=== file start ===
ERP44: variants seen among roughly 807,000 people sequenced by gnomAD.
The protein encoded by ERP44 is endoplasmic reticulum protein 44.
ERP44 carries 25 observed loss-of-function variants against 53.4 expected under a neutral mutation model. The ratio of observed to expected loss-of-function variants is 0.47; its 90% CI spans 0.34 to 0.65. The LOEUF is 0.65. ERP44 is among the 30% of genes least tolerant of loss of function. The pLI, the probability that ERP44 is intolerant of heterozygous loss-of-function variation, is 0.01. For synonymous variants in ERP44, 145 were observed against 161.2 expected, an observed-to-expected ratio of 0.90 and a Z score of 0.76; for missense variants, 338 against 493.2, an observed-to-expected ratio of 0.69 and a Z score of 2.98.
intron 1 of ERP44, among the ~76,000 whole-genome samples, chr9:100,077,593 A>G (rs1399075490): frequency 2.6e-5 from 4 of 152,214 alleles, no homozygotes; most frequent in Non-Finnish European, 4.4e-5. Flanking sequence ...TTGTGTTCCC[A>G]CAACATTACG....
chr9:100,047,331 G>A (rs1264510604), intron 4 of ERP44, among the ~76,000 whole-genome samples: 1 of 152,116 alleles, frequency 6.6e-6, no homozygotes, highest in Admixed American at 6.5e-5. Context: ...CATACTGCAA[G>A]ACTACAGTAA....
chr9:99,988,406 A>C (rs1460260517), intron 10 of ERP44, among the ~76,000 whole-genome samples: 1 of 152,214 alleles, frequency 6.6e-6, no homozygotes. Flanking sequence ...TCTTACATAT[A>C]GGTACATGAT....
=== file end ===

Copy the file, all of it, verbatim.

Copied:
ERP44: variants seen among roughly 807,000 people sequenced by gnomAD.
The protein encoded by ERP44 is endoplasmic reticulum protein 44.
ERP44 carries 25 observed loss-of-function variants against 53.4 expected under a neutral mutation model. The ratio of observed to expected loss-of-function variants is 0.47; its 90% CI spans 0.34 to 0.65. The LOEUF is 0.65. ERP44 is among the 30% of genes least tolerant of loss of function. The pLI, the probability that ERP44 is intolerant of heterozygous loss-of-function variation, is 0.01. For synonymous variants in ERP44, 145 were observed against 161.2 expected, an observed-to-expected ratio of 0.90 and a Z score of 0.76; for missense variants, 338 against 493.2, an observed-to-expected ratio of 0.69 and a Z score of 2.98.
intron 1 of ERP44, among the ~76,000 whole-genome samples, chr9:100,077,593 A>G (rs1399075490): frequency 2.6e-5 from 4 of 152,214 alleles, no homozygotes; most frequent in Non-Finnish European, 4.4e-5. Flanking sequence ...TTGTGTTCCC[A>G]CAACATTACG....
chr9:100,047,331 G>A (rs1264510604), intron 4 of ERP44, among the ~76,000 whole-genome samples: 1 of 152,116 alleles, frequency 6.6e-6, no homozygotes, highest in Admixed American at 6.5e-5. Context: ...CATACTGCAA[G>A]ACTACAGTAA....
chr9:99,988,406 A>C (rs1460260517), intron 10 of ERP44, among the ~76,000 whole-genome samples: 1 of 152,214 alleles, frequency 6.6e-6, no homozygotes. Flanking sequence ...TCTTACATAT[A>C]GGTACATGAT....